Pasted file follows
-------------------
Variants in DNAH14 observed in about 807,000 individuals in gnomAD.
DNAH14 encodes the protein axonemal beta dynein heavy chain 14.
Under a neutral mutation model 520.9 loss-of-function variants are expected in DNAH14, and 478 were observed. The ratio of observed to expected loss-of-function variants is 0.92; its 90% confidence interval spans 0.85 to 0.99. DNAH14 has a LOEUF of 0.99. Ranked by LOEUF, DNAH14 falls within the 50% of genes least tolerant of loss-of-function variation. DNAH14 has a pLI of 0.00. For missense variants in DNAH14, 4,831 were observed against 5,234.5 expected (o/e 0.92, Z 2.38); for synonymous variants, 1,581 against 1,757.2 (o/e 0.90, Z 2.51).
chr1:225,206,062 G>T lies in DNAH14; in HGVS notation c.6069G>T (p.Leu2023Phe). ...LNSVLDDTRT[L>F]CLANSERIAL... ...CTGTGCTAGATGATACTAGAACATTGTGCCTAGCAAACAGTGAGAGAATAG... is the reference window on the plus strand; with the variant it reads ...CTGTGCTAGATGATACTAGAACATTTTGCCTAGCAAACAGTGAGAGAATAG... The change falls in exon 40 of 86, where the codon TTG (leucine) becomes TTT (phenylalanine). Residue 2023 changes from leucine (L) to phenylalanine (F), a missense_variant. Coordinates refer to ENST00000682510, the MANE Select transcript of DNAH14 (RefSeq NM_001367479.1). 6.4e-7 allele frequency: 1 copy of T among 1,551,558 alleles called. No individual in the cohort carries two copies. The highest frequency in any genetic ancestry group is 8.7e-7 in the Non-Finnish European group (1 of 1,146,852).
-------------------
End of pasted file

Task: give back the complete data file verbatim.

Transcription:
Variants in DNAH14 observed in about 807,000 individuals in gnomAD.
DNAH14 encodes the protein axonemal beta dynein heavy chain 14.
Under a neutral mutation model 520.9 loss-of-function variants are expected in DNAH14, and 478 were observed. The ratio of observed to expected loss-of-function variants is 0.92; its 90% confidence interval spans 0.85 to 0.99. DNAH14 has a LOEUF of 0.99. Ranked by LOEUF, DNAH14 falls within the 50% of genes least tolerant of loss-of-function variation. DNAH14 has a pLI of 0.00. For missense variants in DNAH14, 4,831 were observed against 5,234.5 expected (o/e 0.92, Z 2.38); for synonymous variants, 1,581 against 1,757.2 (o/e 0.90, Z 2.51).
chr1:225,206,062 G>T lies in DNAH14; in HGVS notation c.6069G>T (p.Leu2023Phe). ...LNSVLDDTRT[L>F]CLANSERIAL... ...CTGTGCTAGATGATACTAGAACATTGTGCCTAGCAAACAGTGAGAGAATAG... is the reference window on the plus strand; with the variant it reads ...CTGTGCTAGATGATACTAGAACATTTTGCCTAGCAAACAGTGAGAGAATAG... The change falls in exon 40 of 86, where the codon TTG (leucine) becomes TTT (phenylalanine). Residue 2023 changes from leucine (L) to phenylalanine (F), a missense_variant. Coordinates refer to ENST00000682510, the MANE Select transcript of DNAH14 (RefSeq NM_001367479.1). 6.4e-7 allele frequency: 1 copy of T among 1,551,558 alleles called. No individual in the cohort carries two copies. The highest frequency in any genetic ancestry group is 8.7e-7 in the Non-Finnish European group (1 of 1,146,852).